Plant bioreactor technology
BioBetter discovered a new purpose for the traditionally shunned tobacco plants, transforming them into bioreactors for the production of GFs. These GFs play a key role in the proliferation and differentiation of cultured meat cells, allowing for the formation of authentic and well-structured muscle tissue.
Designed for both environmental safety and efficiency, these bioreactors will be grown in a large-scale, net house cultivation system. The plants are carefully engineered to prevent the escape of any transgenic material. They are induced to express growth factors only when chemically triggered, and the company exclusively uses non-food, non-feed tobacco plants to eliminate any risk of inadvertent consumption or cross-contamination of food crops.
Sustainability at the core
“Our holistic approach not only underscores our commitment to safety and environmental responsibility but also streamlines regulatory processes,” said Dana Yarden, M.D., co-founder of BioBetter. “Our commitment to sustainability shines through in every facet of our operations. We plan to use recycled and low-quality water for irrigation, minimize nitrogen fertilizer use, and reduce emissions and environmental impact.”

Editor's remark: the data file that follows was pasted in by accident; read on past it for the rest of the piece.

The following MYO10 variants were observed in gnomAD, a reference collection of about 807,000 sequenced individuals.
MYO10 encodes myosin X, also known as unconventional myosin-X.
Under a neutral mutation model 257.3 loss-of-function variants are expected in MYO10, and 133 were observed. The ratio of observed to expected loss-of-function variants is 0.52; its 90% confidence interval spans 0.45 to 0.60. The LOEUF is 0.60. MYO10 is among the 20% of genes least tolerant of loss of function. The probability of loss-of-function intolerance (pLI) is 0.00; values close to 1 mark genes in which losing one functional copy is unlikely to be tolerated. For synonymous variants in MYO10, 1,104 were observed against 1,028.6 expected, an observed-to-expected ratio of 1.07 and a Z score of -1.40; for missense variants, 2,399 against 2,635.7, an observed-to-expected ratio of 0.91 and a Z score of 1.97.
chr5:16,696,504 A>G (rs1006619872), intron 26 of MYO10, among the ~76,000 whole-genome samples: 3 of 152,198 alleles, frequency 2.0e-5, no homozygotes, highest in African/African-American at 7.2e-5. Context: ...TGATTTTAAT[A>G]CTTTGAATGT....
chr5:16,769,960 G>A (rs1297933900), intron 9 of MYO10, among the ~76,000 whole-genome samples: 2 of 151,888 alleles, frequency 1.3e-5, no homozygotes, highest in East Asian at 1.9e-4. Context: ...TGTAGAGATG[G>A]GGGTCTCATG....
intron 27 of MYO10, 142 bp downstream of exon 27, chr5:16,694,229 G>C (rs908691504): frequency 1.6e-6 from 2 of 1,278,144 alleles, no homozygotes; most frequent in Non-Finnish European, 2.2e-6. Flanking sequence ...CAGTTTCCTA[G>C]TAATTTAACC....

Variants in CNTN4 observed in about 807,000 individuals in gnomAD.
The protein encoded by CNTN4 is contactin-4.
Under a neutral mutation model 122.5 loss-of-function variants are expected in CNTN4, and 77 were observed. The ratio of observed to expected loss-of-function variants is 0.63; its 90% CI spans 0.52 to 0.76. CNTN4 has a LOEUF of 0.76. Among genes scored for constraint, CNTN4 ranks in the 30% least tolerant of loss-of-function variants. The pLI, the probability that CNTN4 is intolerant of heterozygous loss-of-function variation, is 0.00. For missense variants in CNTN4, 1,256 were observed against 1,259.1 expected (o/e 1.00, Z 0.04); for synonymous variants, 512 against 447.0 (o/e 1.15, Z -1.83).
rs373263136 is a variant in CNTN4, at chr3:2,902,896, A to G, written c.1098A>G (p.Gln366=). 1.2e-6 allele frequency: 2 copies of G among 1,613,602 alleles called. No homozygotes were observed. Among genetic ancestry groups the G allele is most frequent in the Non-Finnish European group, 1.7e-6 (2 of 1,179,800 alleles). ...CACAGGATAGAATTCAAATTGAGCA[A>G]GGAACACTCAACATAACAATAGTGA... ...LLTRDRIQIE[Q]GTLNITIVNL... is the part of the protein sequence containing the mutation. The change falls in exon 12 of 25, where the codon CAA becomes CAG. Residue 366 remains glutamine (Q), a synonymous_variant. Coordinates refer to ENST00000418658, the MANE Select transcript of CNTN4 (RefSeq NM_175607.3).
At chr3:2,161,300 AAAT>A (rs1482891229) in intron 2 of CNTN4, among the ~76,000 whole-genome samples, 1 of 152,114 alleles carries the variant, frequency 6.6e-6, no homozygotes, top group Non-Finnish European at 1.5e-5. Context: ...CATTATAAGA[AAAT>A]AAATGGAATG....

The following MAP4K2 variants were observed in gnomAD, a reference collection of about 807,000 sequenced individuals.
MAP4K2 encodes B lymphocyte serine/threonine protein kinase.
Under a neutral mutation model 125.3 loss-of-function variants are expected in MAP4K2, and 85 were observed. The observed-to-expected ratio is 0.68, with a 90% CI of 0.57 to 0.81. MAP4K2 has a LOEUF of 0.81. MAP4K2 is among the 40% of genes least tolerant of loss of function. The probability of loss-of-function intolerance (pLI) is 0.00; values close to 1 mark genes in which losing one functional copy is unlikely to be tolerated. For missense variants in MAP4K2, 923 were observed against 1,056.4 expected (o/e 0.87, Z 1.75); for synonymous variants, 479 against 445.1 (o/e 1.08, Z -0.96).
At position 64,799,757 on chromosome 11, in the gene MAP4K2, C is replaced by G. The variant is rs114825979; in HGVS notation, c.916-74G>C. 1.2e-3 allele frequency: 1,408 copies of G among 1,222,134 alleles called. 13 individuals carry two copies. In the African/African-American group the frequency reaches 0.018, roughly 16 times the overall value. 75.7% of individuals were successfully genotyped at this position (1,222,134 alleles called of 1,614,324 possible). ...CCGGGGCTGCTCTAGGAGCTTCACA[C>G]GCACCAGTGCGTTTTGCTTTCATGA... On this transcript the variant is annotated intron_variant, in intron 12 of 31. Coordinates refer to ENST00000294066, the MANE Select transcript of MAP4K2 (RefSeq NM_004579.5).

The newly established pilot plant has the capacity to process 100kg of tobacco plant-derived GFs daily. Constructed in adherence to the highest quality standards, the facility meets all regulatory requirements for production of food-grade growth factors, including FGF2 and insulin. It currently is progressing through essential stages of securing approval from the Ministry of Health for food manufacturing licensing. The company is committed to scalability, adhering to ISO2200 and HACCP standards.
“We more than doubled our workforce from 23 to 50 workers to advance all aspects of production, cultivation, and R&D,” said Yaari. “We stimulate the commercial aspirations of cultivated meat start-ups and the pilot plant signifies a substantial step toward the company’s next growth stage in 2025: the capacity for processing 25 tonnes of leaves daily, reaching commercial production of five tonnes annually by the end of 2025.”